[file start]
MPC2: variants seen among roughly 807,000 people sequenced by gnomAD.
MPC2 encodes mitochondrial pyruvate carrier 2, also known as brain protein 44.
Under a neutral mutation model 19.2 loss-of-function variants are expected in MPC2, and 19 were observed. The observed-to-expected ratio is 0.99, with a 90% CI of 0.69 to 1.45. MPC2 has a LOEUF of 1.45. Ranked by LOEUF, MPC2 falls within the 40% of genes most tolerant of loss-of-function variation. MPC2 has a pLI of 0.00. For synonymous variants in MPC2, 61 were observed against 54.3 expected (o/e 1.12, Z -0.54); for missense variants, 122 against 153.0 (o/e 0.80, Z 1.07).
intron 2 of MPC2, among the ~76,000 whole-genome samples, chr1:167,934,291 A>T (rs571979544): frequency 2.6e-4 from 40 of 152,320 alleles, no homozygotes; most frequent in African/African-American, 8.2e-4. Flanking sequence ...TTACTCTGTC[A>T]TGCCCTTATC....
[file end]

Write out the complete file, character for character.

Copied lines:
MPC2: variants seen among roughly 807,000 people sequenced by gnomAD.
MPC2 encodes mitochondrial pyruvate carrier 2, also known as brain protein 44.
Under a neutral mutation model 19.2 loss-of-function variants are expected in MPC2, and 19 were observed. The observed-to-expected ratio is 0.99, with a 90% CI of 0.69 to 1.45. MPC2 has a LOEUF of 1.45. Ranked by LOEUF, MPC2 falls within the 40% of genes most tolerant of loss-of-function variation. MPC2 has a pLI of 0.00. For synonymous variants in MPC2, 61 were observed against 54.3 expected (o/e 1.12, Z -0.54); for missense variants, 122 against 153.0 (o/e 0.80, Z 1.07).
intron 2 of MPC2, among the ~76,000 whole-genome samples, chr1:167,934,291 A>T (rs571979544): frequency 2.6e-4 from 40 of 152,320 alleles, no homozygotes; most frequent in African/African-American, 8.2e-4. Flanking sequence ...TTACTCTGTC[A>T]TGCCCTTATC....